The number three is commonly found in folklore. As a storytelling technique it supplies a cadence to the narrative. Listeners and readers seem to gravitate to this rhythm as if it's wired into their DNA passed on from generation to generation.
Believing good things come in threes, the three most recent years have provided younger readers with a trio of charming titles. Early Bird (Feiwel And Friends, January 28, 2014), Night Owl (Feiwel And Friends, January 27, 2015 and Cat Nap (Feiwel And Friends, January 26, 2016) all written and illustrated by Toni Yuly draw readers' attention to a single character in each book. Within their stories each reveals a surprise.
Early Bird likes to wake up early.
A morning stretch helps her to feel tall. Filling her lungs with daybreak's clear air, she sets off with a mission on her mind. Nothing distracts her from her path; not even the spider peering from her web.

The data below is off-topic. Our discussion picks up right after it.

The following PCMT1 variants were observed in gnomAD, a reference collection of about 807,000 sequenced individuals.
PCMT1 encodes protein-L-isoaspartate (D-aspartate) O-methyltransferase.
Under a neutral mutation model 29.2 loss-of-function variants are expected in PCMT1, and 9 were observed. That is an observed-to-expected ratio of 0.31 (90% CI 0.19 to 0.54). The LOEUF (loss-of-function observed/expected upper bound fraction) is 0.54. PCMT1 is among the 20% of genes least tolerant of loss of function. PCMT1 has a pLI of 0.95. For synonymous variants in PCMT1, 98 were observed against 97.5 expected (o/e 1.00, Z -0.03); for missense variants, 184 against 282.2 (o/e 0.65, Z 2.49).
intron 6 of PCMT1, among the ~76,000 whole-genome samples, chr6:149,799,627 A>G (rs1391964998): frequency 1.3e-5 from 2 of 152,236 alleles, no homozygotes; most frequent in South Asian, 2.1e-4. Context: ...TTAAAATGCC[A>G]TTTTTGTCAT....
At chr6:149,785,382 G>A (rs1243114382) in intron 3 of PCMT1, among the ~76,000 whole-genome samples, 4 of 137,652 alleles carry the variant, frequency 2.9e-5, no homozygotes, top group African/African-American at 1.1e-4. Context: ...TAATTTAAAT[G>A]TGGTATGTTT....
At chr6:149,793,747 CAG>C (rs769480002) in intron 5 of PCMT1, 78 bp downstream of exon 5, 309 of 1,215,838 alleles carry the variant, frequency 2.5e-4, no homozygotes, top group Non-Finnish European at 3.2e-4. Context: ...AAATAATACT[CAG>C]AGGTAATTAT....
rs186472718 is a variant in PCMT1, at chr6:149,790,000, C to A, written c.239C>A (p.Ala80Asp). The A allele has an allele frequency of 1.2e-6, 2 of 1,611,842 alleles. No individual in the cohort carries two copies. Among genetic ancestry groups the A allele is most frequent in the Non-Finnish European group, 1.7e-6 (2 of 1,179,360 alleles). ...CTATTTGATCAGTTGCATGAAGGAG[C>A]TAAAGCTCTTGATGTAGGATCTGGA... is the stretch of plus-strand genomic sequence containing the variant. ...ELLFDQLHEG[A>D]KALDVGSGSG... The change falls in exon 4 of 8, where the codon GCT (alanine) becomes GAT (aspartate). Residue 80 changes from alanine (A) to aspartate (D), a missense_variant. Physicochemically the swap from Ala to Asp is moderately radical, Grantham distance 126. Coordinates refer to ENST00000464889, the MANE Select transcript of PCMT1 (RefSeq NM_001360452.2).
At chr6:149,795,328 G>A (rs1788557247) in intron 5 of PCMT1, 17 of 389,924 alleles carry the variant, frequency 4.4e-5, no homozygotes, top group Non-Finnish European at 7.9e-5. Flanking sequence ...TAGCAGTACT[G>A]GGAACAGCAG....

She weaves her way through grass, flowers and past the fence in the yard. Cleverly she eludes a sleeping cat. Moments later she reaches her goal, the garden.
Waiting there is
the Early Worm!
After this trek Early Bird finds herself with a healthy appetite. It's time for a juicy feast.
Five sentences form this story. Toni Yuly uses easily understood adverbs defining them within the text and her illustrations. They are used to indicate direction making them integral to Early Bird's early morning trip. Here is a sample portion of one sentence.
Across the grass
through the flowerbed
under the spiderweb ...
Though the illustrations on the front and the back of the matching dust jacket and book case are different, Toni Yuly has them placed to create a pleasing blend as if they are one. Primary colors paired with the white picket fence and firm black lines have a huge appeal for the intended audience. The opening endpapers are done in a deep midnight blue. A cheerful golden yellow, the same as the butterfly on the front, covers the closing endpapers.